This lack of predators made the little bird an easy target for human hunters who valued the animal for its down, meat, and the fact that killing them probably made them feel like big men. The species was hunted to near extinction in the early 19th century, leading to numerous attempts to save it, which clearly failed given the title of this list.

The remnants of the once plentiful bird were eradicated in the 1840s, starting with a group of sailors who beat the last surviving example of the bird seen in British waters to death with a stick, after mistaking it for a witch. We’re not making that up. Four years later the rest of the species was similarly killed when museums, realizing the species would likely be completely gone soon, offered hunters a premium for great auk specimens to stuff and put on display. Two fisherman caught the last observed birds for this exact purpose, stalking them like movie serial killers from a mile away before quietly sneaking up on them in the dead of night and strangling them. This was followed by, seemingly as a final insult to the clumsy bird’s legacy, one of the fishermen stomping on the single egg they were protecting.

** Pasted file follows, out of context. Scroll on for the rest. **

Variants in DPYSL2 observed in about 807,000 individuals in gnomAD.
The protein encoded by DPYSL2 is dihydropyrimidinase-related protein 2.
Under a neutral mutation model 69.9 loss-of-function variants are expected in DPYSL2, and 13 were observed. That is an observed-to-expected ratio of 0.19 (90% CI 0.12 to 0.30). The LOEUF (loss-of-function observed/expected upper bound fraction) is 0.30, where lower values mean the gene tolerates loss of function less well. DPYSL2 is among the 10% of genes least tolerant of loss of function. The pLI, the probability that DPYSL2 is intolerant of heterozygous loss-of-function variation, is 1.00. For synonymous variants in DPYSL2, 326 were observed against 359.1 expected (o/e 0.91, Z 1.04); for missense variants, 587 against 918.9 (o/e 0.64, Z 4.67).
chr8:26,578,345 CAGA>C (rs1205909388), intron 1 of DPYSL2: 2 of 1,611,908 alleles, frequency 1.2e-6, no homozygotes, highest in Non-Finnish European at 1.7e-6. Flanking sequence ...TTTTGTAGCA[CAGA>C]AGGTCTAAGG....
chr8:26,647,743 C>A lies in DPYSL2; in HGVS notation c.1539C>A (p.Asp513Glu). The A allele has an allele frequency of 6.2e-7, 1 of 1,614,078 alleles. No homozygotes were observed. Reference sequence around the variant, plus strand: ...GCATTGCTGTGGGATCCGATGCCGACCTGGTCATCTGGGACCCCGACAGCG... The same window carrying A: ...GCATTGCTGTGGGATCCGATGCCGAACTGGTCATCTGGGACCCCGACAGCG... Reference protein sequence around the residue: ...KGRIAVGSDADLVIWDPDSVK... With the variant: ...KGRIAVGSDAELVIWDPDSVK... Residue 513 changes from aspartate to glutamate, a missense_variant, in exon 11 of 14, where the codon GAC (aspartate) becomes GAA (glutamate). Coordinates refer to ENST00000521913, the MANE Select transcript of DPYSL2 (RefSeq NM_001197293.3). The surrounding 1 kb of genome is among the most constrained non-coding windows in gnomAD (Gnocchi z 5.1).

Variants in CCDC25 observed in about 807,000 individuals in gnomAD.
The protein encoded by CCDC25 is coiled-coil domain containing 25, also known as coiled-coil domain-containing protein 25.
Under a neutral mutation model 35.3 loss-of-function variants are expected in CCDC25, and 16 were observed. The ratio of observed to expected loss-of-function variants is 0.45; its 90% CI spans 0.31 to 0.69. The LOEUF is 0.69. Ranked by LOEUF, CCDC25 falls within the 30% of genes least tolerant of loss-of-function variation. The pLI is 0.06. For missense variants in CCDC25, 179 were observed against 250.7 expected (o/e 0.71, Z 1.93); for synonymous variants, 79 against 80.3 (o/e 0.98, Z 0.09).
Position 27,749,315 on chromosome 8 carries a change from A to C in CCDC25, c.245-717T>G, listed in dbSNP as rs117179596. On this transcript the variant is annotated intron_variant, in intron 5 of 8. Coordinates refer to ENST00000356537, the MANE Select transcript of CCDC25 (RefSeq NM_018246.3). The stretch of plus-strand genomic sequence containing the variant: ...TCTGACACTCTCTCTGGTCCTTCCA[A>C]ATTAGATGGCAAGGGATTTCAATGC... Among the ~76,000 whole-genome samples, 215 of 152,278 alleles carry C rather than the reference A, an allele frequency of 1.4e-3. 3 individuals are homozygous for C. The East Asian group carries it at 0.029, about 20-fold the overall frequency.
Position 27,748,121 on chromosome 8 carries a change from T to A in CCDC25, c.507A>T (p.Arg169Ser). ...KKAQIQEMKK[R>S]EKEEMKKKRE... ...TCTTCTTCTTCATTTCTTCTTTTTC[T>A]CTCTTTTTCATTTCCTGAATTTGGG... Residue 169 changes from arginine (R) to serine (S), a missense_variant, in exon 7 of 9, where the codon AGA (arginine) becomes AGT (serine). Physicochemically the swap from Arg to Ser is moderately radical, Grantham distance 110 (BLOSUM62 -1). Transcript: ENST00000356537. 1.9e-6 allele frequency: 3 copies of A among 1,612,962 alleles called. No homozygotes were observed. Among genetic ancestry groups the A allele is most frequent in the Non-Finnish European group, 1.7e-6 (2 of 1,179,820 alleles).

3. The Tasmanian Tiger

The Tasmanian tiger, or more accurately the thylacine, was a curious creature hailing from, funnily enough, Tasmania. A carnivorous marsupial with oddly colored fur, thylacines looked similar to dogs but like all marsupials, raised their young in small pouches on their belly.

Described by many as one of the weirdest creatures to have ever lived, partly because it was discovered that, for some reason, male thylacines possessed a small pouch of fur designed just to keep their testicles warm and toasty. For this and other reasons, thylacine were considered a curiosity by many, but sadly also a pest by people with guns. As a result, the species was hunted to near total extinction by farmers in the 1920s, leading to a single known specimen surviving, a male called Benjamin. Benjamin was later killed in 1936 when a zookeeper forgot to unlock his sleeping quarters before going home, causing him to freeze to death. As if that wasn’t bad enough, experts then argued for 7 straight decades about whether Benjamin was male because his penis was so small. This argument was only settled when an enhanced photo revealed that Benjamin did indeed own a set of testicles.